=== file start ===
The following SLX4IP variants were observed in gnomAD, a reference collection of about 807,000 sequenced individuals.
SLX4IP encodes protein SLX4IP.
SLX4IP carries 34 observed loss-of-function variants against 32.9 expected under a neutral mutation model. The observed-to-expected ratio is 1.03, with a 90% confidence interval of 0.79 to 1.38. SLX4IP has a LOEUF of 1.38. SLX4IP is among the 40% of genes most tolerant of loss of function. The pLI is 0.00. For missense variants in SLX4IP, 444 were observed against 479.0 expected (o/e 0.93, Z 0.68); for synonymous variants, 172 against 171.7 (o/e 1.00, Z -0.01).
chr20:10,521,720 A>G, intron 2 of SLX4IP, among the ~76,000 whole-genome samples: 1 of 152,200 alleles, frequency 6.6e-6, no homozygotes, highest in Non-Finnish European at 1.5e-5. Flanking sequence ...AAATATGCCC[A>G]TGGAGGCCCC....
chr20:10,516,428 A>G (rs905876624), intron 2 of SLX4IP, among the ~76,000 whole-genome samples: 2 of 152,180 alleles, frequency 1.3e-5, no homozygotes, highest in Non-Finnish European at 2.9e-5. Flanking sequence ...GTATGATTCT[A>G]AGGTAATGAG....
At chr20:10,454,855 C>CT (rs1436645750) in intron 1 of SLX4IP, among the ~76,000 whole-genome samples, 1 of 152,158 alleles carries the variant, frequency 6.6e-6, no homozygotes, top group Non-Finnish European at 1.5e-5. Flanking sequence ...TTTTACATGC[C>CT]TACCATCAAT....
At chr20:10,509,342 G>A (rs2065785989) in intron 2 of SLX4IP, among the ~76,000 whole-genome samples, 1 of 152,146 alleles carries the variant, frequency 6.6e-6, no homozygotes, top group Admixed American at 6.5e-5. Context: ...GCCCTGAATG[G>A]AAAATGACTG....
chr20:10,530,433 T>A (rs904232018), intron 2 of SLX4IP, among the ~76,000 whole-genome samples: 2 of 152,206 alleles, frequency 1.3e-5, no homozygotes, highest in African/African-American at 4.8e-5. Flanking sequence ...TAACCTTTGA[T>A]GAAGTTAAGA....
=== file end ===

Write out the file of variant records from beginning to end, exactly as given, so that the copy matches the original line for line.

The following SLX4IP variants were observed in gnomAD, a reference collection of about 807,000 sequenced individuals.
SLX4IP encodes protein SLX4IP.
SLX4IP carries 34 observed loss-of-function variants against 32.9 expected under a neutral mutation model. The observed-to-expected ratio is 1.03, with a 90% confidence interval of 0.79 to 1.38. SLX4IP has a LOEUF of 1.38. SLX4IP is among the 40% of genes most tolerant of loss of function. The pLI is 0.00. For missense variants in SLX4IP, 444 were observed against 479.0 expected (o/e 0.93, Z 0.68); for synonymous variants, 172 against 171.7 (o/e 1.00, Z -0.01).
chr20:10,521,720 A>G, intron 2 of SLX4IP, among the ~76,000 whole-genome samples: 1 of 152,200 alleles, frequency 6.6e-6, no homozygotes, highest in Non-Finnish European at 1.5e-5. Flanking sequence ...AAATATGCCC[A>G]TGGAGGCCCC....
chr20:10,516,428 A>G (rs905876624), intron 2 of SLX4IP, among the ~76,000 whole-genome samples: 2 of 152,180 alleles, frequency 1.3e-5, no homozygotes, highest in Non-Finnish European at 2.9e-5. Flanking sequence ...GTATGATTCT[A>G]AGGTAATGAG....
At chr20:10,454,855 C>CT (rs1436645750) in intron 1 of SLX4IP, among the ~76,000 whole-genome samples, 1 of 152,158 alleles carries the variant, frequency 6.6e-6, no homozygotes, top group Non-Finnish European at 1.5e-5. Flanking sequence ...TTTTACATGC[C>CT]TACCATCAAT....
At chr20:10,509,342 G>A (rs2065785989) in intron 2 of SLX4IP, among the ~76,000 whole-genome samples, 1 of 152,146 alleles carries the variant, frequency 6.6e-6, no homozygotes, top group Admixed American at 6.5e-5. Context: ...GCCCTGAATG[G>A]AAAATGACTG....
chr20:10,530,433 T>A (rs904232018), intron 2 of SLX4IP, among the ~76,000 whole-genome samples: 2 of 152,206 alleles, frequency 1.3e-5, no homozygotes, highest in African/African-American at 4.8e-5. Flanking sequence ...TAACCTTTGA[T>A]GAAGTTAAGA....